The Good, The Bad, and The Ugly: Black Women and Financial Literacy, Wealth Management, and Monetary Advancement Opportunities
By Sakeema Payne, 2023 DWJ Public Policy Economic Security Fellow
Mean Green. Moolah. Money. Is it an ugly word? Some may say so. Finances are always a difficult subject to talk about—especially in the Black community, and there is certainly an ‘ugly’ history concerning Black Americans and finances in the United States. For centuries, the Black population in the United States has been excluded from conversations on how to develop financial literacy and wealth. And sadly, for those Black Americans who did manage to obtain wealth, often through business ownership or land ownership—their assets were often destroyed or even stolen.
One can see this when learning about Black Wall Street in Tulsa, Oklahoma, and other majority black towns, and about the countless stories of Black farmers in the 20th century being harassed, and driven off their land as well. Oftentimes, such farmers couldn’t stand the harassment, and left for the safety of their families. Sadly, this kind of harassment is still happening today.
However, despite the overt and covert racism Black Americans face and the odds stacked against them, the same resilient spirit to thrive—the resilient spirit to keep going which was in the bodies of their ancestors—is deep and still flourishing inside the bodies of Black Americans today—especially Black women.
In the past, and primarily due to racial barriers and gender expectations, Black women in particular, have been heavily excluded from higher education and the business sector. But, as these recent statistics show, Black women are reclaiming their right to develop and thrive financially. According to J.P. Morgan Wealth Management, “as of 2021, Black women are the fastest growing demographic of entrepreneurs in the United States”. Secondly, the National Center For Education Statistics (NCES) exclaims that between 2018 and 2019, Black women “made up 68% of associate’s degrees, 66% of bachelor’s degrees, 71% of master’s degrees, and 65% of doctoral, medical and dental degrees [in the United States.]” However, with this advancement, there is always another side of the coin. No pun intended. For instance, although Black women have graduated from college in higher numbers than ever, a 2017 analysis conducted by The Education Trust found that, “Black women hold more student debt than any other group — with an average of $38,800 in federal undergraduate loans, [and] Black female borrowers who attended graduate school hold an average of $58,252 in graduate loans.” Secondly, although there are countless Black women opening businesses at a higher rate, J.P. Morgan Wealth Management also found, that in the long run–Black woman owned businesses are more likely to close their doors, “there are fewer established businesses run by Black women relative to their high rate of entrepreneurship, with just 3% of Black women running mature businesses (maturation is widely recognized as a business surviving past five years)”. Sadly, these issues on the other side of the coin can often be attributed to current and past systemic racial barriers and gender expectations. These very same obstacles that harmed and held back Black women in the past, are still alive and kicking today, and have done residual damage from the past at that.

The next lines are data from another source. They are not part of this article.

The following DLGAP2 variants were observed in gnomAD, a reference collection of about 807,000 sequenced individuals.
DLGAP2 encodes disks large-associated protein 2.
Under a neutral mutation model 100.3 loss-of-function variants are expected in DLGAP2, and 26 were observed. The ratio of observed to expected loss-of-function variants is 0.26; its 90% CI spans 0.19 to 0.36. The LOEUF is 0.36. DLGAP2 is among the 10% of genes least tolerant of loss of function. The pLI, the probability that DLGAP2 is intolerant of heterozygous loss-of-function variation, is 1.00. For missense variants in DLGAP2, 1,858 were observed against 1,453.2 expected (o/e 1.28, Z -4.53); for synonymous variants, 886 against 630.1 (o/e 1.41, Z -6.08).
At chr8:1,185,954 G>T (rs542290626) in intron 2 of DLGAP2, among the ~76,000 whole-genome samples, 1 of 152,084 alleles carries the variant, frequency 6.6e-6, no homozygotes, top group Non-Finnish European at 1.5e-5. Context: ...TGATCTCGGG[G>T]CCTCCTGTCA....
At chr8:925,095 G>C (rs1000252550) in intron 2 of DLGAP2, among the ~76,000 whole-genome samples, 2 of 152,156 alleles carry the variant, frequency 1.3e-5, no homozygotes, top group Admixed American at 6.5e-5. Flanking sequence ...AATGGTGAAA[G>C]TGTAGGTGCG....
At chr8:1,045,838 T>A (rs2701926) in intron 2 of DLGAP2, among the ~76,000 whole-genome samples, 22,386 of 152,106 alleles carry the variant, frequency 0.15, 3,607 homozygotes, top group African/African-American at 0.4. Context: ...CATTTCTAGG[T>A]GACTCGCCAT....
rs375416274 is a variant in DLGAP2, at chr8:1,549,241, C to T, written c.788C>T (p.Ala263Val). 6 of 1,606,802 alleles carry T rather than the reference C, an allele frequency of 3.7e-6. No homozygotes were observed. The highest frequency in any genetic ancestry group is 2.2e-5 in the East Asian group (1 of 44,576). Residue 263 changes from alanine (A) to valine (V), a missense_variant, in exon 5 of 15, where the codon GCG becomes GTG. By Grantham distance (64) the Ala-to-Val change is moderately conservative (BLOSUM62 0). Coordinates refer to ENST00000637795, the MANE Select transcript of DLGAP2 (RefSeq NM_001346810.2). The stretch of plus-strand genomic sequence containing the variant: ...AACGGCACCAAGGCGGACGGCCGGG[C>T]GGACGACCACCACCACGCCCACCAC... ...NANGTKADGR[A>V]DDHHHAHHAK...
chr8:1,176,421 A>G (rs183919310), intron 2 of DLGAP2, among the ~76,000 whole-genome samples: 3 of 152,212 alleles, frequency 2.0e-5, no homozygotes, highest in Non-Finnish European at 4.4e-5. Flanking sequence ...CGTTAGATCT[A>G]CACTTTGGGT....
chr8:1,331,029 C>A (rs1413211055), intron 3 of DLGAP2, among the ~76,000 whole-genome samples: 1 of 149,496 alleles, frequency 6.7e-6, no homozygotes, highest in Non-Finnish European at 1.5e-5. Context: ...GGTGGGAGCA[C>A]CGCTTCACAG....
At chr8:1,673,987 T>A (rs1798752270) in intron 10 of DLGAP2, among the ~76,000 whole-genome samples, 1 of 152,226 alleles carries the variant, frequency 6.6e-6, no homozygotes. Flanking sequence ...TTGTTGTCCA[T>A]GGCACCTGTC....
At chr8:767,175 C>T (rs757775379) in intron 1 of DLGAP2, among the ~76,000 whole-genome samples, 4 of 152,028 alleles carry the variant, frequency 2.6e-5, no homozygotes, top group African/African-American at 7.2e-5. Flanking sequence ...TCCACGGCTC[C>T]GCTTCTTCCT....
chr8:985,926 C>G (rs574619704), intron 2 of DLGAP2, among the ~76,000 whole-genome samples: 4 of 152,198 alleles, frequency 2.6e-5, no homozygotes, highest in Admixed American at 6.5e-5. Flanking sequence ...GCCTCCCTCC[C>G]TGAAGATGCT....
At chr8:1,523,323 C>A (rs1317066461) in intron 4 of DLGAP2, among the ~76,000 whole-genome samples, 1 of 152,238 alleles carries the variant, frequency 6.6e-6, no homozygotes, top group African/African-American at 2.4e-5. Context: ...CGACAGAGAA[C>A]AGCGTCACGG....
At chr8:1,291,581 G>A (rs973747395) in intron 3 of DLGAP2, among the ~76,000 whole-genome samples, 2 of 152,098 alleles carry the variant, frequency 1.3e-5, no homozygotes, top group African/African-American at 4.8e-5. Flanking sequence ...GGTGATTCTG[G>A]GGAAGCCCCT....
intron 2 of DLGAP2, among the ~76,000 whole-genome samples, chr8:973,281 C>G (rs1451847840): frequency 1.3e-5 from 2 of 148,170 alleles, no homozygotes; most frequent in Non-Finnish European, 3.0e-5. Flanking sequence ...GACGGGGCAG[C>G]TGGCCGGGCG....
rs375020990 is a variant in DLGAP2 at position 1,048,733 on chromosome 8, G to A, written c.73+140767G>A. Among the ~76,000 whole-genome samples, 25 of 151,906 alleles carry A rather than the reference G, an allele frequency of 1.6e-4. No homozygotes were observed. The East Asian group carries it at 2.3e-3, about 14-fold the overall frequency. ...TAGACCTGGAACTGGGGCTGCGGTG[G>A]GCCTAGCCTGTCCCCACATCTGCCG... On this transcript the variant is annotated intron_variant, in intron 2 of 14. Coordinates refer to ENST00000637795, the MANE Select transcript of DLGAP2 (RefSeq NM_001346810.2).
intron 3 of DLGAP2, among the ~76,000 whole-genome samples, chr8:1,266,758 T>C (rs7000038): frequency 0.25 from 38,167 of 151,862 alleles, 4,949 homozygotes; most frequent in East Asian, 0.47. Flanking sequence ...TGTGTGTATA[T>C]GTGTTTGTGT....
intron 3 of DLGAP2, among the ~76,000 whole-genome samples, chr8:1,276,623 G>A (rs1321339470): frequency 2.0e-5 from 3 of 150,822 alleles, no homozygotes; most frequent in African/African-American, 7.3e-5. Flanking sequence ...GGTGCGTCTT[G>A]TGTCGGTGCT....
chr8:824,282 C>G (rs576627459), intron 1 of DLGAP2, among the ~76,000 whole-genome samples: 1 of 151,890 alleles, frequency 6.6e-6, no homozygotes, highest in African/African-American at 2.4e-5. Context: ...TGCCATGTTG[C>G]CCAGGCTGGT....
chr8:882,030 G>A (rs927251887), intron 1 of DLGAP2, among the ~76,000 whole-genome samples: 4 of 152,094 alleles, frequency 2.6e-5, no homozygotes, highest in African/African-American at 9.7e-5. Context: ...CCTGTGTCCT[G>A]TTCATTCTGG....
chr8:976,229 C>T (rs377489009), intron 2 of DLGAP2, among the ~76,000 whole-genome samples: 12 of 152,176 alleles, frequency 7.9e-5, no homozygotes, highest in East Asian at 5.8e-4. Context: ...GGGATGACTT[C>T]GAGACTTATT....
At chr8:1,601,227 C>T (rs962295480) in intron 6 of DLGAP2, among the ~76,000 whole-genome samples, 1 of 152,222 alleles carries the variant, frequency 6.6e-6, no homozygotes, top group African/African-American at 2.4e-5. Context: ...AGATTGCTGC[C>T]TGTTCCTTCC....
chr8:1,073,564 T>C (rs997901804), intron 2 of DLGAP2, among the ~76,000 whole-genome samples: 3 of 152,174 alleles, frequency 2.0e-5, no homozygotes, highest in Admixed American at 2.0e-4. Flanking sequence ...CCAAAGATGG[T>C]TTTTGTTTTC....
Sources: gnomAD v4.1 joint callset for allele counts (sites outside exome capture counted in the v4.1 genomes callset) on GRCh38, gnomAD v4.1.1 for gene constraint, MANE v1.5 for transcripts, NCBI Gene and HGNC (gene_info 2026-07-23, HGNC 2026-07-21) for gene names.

Now, because of these barriers that Black women have faced for centuries and still face today exist, does not mean that Black women should just stop and decide to not even attempt at achieving their goals, or achieving financial freedom. The answer is No.
Nothing in life is or has to remain stagnant. The good thing is that debt is able to be paid back, and Black woman owned businesses are able to thrive. There are countless Black Americans living debt free, and many examples of successful Black woman owned businesses in the United States. It may take time for one to reach these goals and aspirations, and anything of value certainly does. Thankfully with the increased usage and reliance on the internet there have been many Black women sharing their financial journey’s and solutions to financial issues online. Black women often share their stories of how they got out of hundreds of thousands of dollars in debt, and some share on how they built their successful business, despite failing previously. Some Black women have even created websites and free courses on how to achieve financial freedom and build and manage wealth. Secondly, there also have been multiple books written by Black women that specifically speak to the unique financial journey of Black women, giving solutions on how to get out of debt, build wealth, and build a successful business. Lastly, to address Black women and their career ambitions, salary disparities, and to provide solutions to career hurdles, there have been many Black woman owned businesses such as Launch Your Influence, PositiveHire, and IChooseTheLadder, that are dedicated to coaching Black women on how to develop their careers, overcome career obstacles, get promoted, and earn a higher salary.
Although Black women have our unique roadblocks and crosses to bear, we must know that it does not mean that we cannot not get past difficult times, situations, or reach our financial goals. We also must remember, and understand, that because of our unique history and struggles, comparison to the successes and triumphs of other demographics in the United States will never be just. Black women have overcome, and achieved so much in just a few centuries, and we surely have a bright future ahead. In the words of Maya Angelou “Leaving behind nights of terror and fear, I rise, into a daybreak that's wondrously clear, I rise, bringing the gifts that my ancestors gave, I am the dream and the hope of the slave. I rise, I rise, I rise.”
2023 DWJ Public Policy Economic Security Fellow